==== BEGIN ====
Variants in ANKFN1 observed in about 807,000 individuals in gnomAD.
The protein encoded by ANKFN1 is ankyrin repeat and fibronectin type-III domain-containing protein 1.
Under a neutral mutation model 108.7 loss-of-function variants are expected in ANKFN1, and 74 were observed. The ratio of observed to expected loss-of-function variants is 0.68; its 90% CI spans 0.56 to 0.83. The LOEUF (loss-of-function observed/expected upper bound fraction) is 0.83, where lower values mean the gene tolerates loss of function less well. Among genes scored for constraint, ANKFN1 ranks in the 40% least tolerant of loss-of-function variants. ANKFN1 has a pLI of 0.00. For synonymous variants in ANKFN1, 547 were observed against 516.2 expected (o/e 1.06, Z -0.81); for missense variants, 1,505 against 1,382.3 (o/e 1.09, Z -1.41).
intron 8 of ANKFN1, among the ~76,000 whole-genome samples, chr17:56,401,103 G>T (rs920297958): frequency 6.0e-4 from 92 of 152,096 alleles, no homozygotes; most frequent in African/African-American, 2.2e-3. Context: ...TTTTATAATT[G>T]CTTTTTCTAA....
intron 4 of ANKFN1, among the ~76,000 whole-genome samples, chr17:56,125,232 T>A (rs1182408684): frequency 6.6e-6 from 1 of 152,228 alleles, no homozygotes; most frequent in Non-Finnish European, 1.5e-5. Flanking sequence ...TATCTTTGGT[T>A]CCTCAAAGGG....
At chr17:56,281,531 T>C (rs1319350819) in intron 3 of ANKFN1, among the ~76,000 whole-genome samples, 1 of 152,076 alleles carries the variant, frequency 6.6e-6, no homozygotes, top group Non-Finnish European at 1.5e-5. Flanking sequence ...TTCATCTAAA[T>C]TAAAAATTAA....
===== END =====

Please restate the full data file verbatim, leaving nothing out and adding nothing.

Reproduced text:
Variants in ANKFN1 observed in about 807,000 individuals in gnomAD.
The protein encoded by ANKFN1 is ankyrin repeat and fibronectin type-III domain-containing protein 1.
Under a neutral mutation model 108.7 loss-of-function variants are expected in ANKFN1, and 74 were observed. The ratio of observed to expected loss-of-function variants is 0.68; its 90% CI spans 0.56 to 0.83. The LOEUF (loss-of-function observed/expected upper bound fraction) is 0.83, where lower values mean the gene tolerates loss of function less well. Among genes scored for constraint, ANKFN1 ranks in the 40% least tolerant of loss-of-function variants. ANKFN1 has a pLI of 0.00. For synonymous variants in ANKFN1, 547 were observed against 516.2 expected (o/e 1.06, Z -0.81); for missense variants, 1,505 against 1,382.3 (o/e 1.09, Z -1.41).
intron 8 of ANKFN1, among the ~76,000 whole-genome samples, chr17:56,401,103 G>T (rs920297958): frequency 6.0e-4 from 92 of 152,096 alleles, no homozygotes; most frequent in African/African-American, 2.2e-3. Context: ...TTTTATAATT[G>T]CTTTTTCTAA....
intron 4 of ANKFN1, among the ~76,000 whole-genome samples, chr17:56,125,232 T>A (rs1182408684): frequency 6.6e-6 from 1 of 152,228 alleles, no homozygotes; most frequent in Non-Finnish European, 1.5e-5. Flanking sequence ...TATCTTTGGT[T>A]CCTCAAAGGG....
At chr17:56,281,531 T>C (rs1319350819) in intron 3 of ANKFN1, among the ~76,000 whole-genome samples, 1 of 152,076 alleles carries the variant, frequency 6.6e-6, no homozygotes, top group Non-Finnish European at 1.5e-5. Flanking sequence ...TTCATCTAAA[T>C]TAAAAATTAA....